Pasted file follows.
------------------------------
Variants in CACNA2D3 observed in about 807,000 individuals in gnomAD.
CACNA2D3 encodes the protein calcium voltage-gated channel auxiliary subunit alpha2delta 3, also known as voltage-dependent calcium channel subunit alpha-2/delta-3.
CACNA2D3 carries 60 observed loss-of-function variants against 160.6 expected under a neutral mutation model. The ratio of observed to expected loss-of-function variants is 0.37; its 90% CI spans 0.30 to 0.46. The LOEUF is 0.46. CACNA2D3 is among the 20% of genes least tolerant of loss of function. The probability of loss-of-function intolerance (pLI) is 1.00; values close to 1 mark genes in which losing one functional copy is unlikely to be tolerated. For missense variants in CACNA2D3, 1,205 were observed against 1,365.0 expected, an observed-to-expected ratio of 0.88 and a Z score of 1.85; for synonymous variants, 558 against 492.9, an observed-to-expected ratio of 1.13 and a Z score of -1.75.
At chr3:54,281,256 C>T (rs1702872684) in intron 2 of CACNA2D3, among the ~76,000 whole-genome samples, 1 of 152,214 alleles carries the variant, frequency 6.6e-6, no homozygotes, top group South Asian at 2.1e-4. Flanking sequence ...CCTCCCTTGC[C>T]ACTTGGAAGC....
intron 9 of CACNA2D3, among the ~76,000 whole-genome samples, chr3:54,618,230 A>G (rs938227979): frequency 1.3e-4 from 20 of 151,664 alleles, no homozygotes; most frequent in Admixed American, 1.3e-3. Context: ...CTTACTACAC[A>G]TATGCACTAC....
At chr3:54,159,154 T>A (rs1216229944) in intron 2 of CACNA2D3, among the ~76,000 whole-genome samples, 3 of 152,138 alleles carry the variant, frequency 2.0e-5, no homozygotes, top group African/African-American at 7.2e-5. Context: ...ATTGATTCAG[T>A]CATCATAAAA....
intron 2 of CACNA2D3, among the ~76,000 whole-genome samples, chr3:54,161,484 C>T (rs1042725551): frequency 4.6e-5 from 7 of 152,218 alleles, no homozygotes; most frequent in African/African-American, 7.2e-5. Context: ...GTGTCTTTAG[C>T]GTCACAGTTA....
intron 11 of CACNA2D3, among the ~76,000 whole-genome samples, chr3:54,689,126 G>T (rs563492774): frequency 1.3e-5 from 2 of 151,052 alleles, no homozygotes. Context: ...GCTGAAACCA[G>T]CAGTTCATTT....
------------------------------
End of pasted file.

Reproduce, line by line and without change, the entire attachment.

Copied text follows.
Variants in CACNA2D3 observed in about 807,000 individuals in gnomAD.
CACNA2D3 encodes the protein calcium voltage-gated channel auxiliary subunit alpha2delta 3, also known as voltage-dependent calcium channel subunit alpha-2/delta-3.
CACNA2D3 carries 60 observed loss-of-function variants against 160.6 expected under a neutral mutation model. The ratio of observed to expected loss-of-function variants is 0.37; its 90% CI spans 0.30 to 0.46. The LOEUF is 0.46. CACNA2D3 is among the 20% of genes least tolerant of loss of function. The probability of loss-of-function intolerance (pLI) is 1.00; values close to 1 mark genes in which losing one functional copy is unlikely to be tolerated. For missense variants in CACNA2D3, 1,205 were observed against 1,365.0 expected, an observed-to-expected ratio of 0.88 and a Z score of 1.85; for synonymous variants, 558 against 492.9, an observed-to-expected ratio of 1.13 and a Z score of -1.75.
At chr3:54,281,256 C>T (rs1702872684) in intron 2 of CACNA2D3, among the ~76,000 whole-genome samples, 1 of 152,214 alleles carries the variant, frequency 6.6e-6, no homozygotes, top group South Asian at 2.1e-4. Flanking sequence ...CCTCCCTTGC[C>T]ACTTGGAAGC....
intron 9 of CACNA2D3, among the ~76,000 whole-genome samples, chr3:54,618,230 A>G (rs938227979): frequency 1.3e-4 from 20 of 151,664 alleles, no homozygotes; most frequent in Admixed American, 1.3e-3. Context: ...CTTACTACAC[A>G]TATGCACTAC....
At chr3:54,159,154 T>A (rs1216229944) in intron 2 of CACNA2D3, among the ~76,000 whole-genome samples, 3 of 152,138 alleles carry the variant, frequency 2.0e-5, no homozygotes, top group African/African-American at 7.2e-5. Context: ...ATTGATTCAG[T>A]CATCATAAAA....
intron 2 of CACNA2D3, among the ~76,000 whole-genome samples, chr3:54,161,484 C>T (rs1042725551): frequency 4.6e-5 from 7 of 152,218 alleles, no homozygotes; most frequent in African/African-American, 7.2e-5. Context: ...GTGTCTTTAG[C>T]GTCACAGTTA....
intron 11 of CACNA2D3, among the ~76,000 whole-genome samples, chr3:54,689,126 G>T (rs563492774): frequency 1.3e-5 from 2 of 151,052 alleles, no homozygotes. Context: ...GCTGAAACCA[G>T]CAGTTCATTT....